A Healthy Disagreement
ANKENY, Iowa -- She was two hours late after her campaign plane blew a tire. But when Sen. Hillary Rodham Clinton finally arrived here this afternoon, she offered her harshest critique yet of Sen. Barack Obama's approach to health care reform.
Meanwhile, in the ongoing debate over which Democratic candidate offers the best plan, Obama and John Edwards outlined ways in which they would force people to purchase coverage.
In an effort to provide insurance to the estimated 47 million Americans who don't have it, both Clinton and Edwards have called for mandating health coverage. But yesterday for the first time, Edwards outlined the consequences for people who don't want to buy insurance, proposing to garnish their wages. Obama, who would require all parents to provide coverage for their children, said he would fine parents who failed to do so, although he did not detail how much this would cost.
In her Ankeny speech, delivered in the gym of a community college, Clinton rebuked Obama for imposing a coverage requirement on children, but not their parents or other adults.
"If we don't have universal health care, then we will be betraying the Democratic Party's principles," said Clinton. "Imagine if President Roosevelt had said, well let's have Social Security, but let's start by leaving out millions of our seniors. Or suppose President Johnson, figthing the fight over Medicare, said you know, let's just cover some of our seniors with Medicare, eventually the others will catch up. That is not the way it works. They knew what it took to make big important changes in our country. They also knew if you aim too low, if you give up before the fight is started, then you have no chance of making it to the finish line."
Obama has criticized Clinton for not detailing how she would enforce such a mandate, and she largely sidestepped the issue today, saying she would automatically enroll some people if they came to hospitals and qualified for subsidized insurance. Obama has proposed this as well. The question remains as to what she would do for people who have high incomes and don't qualify for subsidized health insurance, but choose not to purchase it.
Edwards also entered the fray by announcing he would send collection agencies after people who don't sign up health insurance and require proof of health insurance on their tax returns.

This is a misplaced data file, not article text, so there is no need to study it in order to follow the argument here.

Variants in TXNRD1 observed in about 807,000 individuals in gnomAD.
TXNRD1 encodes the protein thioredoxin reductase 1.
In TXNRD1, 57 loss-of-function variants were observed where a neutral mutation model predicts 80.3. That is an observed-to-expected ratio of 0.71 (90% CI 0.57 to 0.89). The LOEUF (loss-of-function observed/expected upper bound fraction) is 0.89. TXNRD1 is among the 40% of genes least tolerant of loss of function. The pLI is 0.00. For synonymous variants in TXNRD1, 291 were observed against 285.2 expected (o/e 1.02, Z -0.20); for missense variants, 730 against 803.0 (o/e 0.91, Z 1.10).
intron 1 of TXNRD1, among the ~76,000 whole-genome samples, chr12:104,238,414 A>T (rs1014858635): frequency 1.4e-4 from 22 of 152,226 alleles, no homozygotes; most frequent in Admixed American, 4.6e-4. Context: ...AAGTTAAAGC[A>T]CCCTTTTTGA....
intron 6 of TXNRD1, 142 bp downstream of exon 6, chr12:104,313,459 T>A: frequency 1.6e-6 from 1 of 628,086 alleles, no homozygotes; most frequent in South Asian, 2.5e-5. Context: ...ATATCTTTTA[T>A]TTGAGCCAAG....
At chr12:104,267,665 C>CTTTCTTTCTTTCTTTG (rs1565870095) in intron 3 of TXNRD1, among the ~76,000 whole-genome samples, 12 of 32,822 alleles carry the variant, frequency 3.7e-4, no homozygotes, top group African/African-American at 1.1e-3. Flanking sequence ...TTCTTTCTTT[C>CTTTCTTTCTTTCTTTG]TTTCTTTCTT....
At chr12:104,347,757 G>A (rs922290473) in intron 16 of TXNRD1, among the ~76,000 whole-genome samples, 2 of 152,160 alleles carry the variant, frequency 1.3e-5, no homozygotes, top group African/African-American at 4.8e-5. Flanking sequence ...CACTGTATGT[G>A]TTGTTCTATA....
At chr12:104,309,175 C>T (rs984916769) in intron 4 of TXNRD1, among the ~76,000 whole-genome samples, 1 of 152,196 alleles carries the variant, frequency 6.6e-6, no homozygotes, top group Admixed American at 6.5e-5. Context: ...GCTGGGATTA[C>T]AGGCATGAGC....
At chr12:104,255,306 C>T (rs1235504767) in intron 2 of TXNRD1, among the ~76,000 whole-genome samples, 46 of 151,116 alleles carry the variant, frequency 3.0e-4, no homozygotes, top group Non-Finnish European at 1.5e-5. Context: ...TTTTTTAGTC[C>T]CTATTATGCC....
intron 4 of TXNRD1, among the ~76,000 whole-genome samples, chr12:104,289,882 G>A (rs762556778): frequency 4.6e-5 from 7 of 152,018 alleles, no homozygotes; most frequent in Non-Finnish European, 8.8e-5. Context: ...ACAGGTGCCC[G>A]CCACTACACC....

"Barack Obama's plan leaves out 15 million people," Edwards said in a statement. "The truth is that some people will choose not to buy insurance even though it's affordable, knowing that the rest of us will pay for their emergency room visits."
Obama advisers dispute this estimate, arguing that people choose not to purchase insurance because of its high costs, not because they don't want it. His staff estimates up to 99% of the uninsured will gain coverage under his plan, leaving about three million uninsured in a country of 300 million.
In a conference call with reporters, Obama criticized Clinton for not taking the step Edwards has in declaring how her mandate would work in practice.
"Until she clarifies what exactly she intends to do to enforce this mandate -- is she going to fine people, is she going to take other steps to enforce it -- this is more of a political point that she's trying to make than a real point," he said.
That a wonkish subject like health-care mandates has become a political flashpoint reflects the closeness of the campaign, particularly in Iowa. In recent weeks, Clinton has relentlessly blasted Obama's health care proposal, as she courts Democratic voters who rank health care as one of their most important issues.
What's not clear is whether the attacks are effective. Obama, Clinton and Edwards share the basic goals of insuring more people, getting more low-income people on Medicaid, offering subsidies for people who can't afford private coverage, and making it easier for them to buy health insurance in the private market.
Clinton and Edwards are essentially attacking Obama for not requiring people who don't want insurance from being forced to get it. Clinton argued Obama's plan imposes a "hidden tax" on Americans because health care prices will remain high as long as every person is not in the health care system. Obama aides say they will bring more people into the system through voluntary means.
--Shailagh Murray and Perry Bacon Jr.
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